II. Moses’s dislike of this motion, and the severe rebuke he gives to it, as a faithful prince and prophet.

1. It must be confessed that prima facie—at first sight, the thing looked ill, especially the closing words of their petition: Bring us not over Jordan, Num. 32:5. (1.) It seems to proceed from a bad principle, a contempt of the land of promise, which Moses himself was so desirous of a sight of, a distrust too of the power of God to dispossess the Canaanites, as if a lot in a land which they knew, and which was already conquered, was more desirable than a lot in a land they knew not, and which was yet to be conquered: one bird in the hand is worth two in the bush. There seemed also to be covetousness in it; for that which they insisted on was that it was convenient for their cattle. It argued likewise a neglect of their brethren, as if they cared not what became of Israel, while they themselves were well provided for. (2.) It might have been of bad consequence. The people might have taken improper hints from it, and have suggested that they were few enough, when they had their whole number, to deal with the Canaanites, but how unequal would the match be if they should drop two tribes and a half (above a fifth part of their strength) on this side Jordan. It would likewise be a bad precedent; if they must have the land thus granted them as soon as it was conquered, other tribes might make the same pretensions and claims, and so the regular disposition of the land by lot would be anticipated.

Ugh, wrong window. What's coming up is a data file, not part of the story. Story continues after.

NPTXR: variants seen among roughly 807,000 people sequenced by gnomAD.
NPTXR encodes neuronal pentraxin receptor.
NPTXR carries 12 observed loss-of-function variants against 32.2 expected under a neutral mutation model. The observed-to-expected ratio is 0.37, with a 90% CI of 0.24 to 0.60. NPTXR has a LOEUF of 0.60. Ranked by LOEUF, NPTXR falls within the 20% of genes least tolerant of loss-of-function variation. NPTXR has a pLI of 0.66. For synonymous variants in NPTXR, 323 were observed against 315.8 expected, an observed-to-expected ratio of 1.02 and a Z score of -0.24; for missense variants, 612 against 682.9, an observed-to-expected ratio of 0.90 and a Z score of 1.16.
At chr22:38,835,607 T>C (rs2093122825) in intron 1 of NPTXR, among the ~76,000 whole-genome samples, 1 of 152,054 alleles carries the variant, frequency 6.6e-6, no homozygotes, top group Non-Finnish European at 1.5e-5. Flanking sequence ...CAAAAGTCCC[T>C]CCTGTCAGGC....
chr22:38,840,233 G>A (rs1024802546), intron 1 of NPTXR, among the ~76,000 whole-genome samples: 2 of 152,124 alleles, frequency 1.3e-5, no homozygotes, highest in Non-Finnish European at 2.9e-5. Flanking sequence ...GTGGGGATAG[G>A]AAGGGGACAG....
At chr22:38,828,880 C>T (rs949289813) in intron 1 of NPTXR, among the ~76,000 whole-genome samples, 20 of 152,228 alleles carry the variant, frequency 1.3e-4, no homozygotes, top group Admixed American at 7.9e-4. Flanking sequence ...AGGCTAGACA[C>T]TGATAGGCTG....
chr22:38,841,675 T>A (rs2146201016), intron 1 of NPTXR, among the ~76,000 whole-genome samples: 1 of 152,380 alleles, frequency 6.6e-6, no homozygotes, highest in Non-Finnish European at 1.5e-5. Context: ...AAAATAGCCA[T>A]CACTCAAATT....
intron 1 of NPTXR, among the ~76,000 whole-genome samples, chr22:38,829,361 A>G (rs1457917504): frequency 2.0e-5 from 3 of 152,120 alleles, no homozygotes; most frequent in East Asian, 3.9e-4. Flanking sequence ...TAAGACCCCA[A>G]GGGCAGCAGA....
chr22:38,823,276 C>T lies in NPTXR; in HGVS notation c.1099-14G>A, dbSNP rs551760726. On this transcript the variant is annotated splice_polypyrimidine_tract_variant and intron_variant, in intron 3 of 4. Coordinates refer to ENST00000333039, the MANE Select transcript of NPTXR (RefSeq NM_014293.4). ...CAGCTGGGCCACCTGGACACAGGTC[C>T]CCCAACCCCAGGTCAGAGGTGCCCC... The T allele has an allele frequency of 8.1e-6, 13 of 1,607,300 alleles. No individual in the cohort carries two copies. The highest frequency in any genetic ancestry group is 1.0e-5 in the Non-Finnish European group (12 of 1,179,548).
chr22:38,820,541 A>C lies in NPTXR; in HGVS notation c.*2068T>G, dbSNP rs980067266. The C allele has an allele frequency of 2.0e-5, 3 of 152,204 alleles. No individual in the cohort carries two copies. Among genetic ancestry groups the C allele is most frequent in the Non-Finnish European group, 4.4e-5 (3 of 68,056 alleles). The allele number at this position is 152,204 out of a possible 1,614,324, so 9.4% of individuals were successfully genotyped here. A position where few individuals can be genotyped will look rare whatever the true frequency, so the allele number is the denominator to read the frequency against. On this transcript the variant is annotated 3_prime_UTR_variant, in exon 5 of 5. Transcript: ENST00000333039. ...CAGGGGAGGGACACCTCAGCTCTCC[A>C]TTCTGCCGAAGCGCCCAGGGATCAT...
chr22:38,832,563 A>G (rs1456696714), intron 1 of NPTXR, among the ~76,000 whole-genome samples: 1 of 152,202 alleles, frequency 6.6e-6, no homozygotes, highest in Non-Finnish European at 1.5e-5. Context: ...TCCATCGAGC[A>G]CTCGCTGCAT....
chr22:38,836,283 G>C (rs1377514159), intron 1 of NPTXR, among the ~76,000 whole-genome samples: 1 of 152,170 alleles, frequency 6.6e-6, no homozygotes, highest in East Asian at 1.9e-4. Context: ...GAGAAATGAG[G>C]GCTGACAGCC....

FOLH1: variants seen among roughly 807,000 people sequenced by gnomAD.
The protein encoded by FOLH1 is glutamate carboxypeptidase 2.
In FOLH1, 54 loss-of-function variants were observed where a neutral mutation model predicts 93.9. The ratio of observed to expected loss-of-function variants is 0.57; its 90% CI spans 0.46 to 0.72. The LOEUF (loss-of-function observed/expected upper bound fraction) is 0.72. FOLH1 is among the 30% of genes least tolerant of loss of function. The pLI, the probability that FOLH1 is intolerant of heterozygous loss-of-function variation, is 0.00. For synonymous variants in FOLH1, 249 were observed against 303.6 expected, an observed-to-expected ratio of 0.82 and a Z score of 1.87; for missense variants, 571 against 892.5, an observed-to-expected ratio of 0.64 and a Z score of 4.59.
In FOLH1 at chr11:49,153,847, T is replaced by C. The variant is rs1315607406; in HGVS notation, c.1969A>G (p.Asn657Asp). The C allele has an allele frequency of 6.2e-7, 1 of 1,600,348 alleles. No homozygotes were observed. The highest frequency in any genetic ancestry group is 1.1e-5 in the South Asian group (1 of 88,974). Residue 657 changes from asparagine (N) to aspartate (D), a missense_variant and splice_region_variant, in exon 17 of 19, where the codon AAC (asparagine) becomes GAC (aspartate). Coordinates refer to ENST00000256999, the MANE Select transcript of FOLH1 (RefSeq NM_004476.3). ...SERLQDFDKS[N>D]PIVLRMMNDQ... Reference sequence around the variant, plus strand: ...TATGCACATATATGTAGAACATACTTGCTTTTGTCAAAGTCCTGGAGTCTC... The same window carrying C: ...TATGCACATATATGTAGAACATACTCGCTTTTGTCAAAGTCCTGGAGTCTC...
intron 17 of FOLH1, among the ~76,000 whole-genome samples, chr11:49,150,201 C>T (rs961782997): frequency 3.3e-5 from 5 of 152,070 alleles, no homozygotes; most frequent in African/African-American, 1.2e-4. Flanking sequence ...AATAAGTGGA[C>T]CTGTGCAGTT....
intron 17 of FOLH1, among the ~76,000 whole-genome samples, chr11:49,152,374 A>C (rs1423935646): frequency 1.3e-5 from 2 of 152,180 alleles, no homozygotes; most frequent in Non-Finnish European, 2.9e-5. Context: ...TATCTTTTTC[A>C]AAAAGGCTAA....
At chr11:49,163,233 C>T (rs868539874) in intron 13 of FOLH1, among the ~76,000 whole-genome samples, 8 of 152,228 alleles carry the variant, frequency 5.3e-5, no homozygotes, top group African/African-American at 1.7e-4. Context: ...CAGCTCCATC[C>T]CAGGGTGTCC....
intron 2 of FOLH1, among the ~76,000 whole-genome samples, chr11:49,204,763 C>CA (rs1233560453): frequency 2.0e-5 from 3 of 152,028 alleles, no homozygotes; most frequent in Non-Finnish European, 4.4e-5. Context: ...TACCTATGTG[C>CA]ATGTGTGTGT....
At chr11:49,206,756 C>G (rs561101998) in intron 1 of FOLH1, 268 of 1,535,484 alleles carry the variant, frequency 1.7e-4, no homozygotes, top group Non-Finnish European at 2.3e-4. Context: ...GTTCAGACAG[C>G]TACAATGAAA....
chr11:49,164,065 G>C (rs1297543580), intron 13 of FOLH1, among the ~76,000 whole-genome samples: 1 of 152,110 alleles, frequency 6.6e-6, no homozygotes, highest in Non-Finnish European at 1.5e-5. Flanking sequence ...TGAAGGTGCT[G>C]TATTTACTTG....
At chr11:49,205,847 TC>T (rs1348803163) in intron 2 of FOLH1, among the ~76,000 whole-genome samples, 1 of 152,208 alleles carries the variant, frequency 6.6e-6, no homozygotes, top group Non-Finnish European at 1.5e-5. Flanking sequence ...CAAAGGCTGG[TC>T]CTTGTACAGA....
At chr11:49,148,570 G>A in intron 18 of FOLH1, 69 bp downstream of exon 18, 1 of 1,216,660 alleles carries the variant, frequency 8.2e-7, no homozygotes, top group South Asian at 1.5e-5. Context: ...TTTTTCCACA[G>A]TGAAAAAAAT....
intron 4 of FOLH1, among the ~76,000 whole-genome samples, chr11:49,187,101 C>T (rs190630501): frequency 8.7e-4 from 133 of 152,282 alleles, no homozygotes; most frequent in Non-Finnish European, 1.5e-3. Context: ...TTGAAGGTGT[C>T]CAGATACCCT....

2. Moses is therefore very warm upon them, which is to be imputed to his pious zeal against sin, and not to any peevishness, the effect of old age, for his meekness abated not, any more than his natural force. (1.) He shows them what he apprehended to be evil in this motion, that it would discharge the heart of their brethren, Num. 32:6; 7. “What!” (says he, with a holy indignation at their selfishness) “shall your brethren go to war, and expose themselves to all the hardships and hazards of the field, and shall you sit here at your ease? No, do not deceive yourselves, you shall never be indulged by me in this sloth and cowardice.” It ill becomes any of God’s Israel to sit down unconcerned in the difficult and perilous concernments of their brethren, whether public or personal. (2.) He reminds them of the fatal consequences of the unbelief and faint-heartedness of their fathers, when they were just ready to enter Canaan, as they themselves now were. He recites the story very particularly (Num. 32:8-13): “Thus did your fathers, whose punishment should be a warning to you to take heed of sinning after the similitude of their transgression.” (3.) He gives them fair warning of the mischief that would be likely to follow upon this separation which they were about to make from the camp of Israel; they would be in danger of bringing wrath upon the whole congregation, and hurrying them all back again into the wilderness (Num. 32:14; 15): “You have risen up in your fathers’ stead to despise the pleasant land and reject it as they did, when we hoped you had risen up in their stead to possess it.” It was an encouragement to Moses to see what an increase of men there was in these tribes, but a discouragement to see that it was withal an increase of sinful men, treading in the steps of their fathers’ impiety. It is sad to see the rising generation in families and countries not only no better, but worse than that which went before it; and what comes of it? Why, it augments the fierce anger of the Lord; not only continues that fire, but increases it, and fills the measure, often till it overflows in a deluge of desolation. Note, If men did but consider as they ought, what would be the end of sin, they would be afraid of the beginnings of it.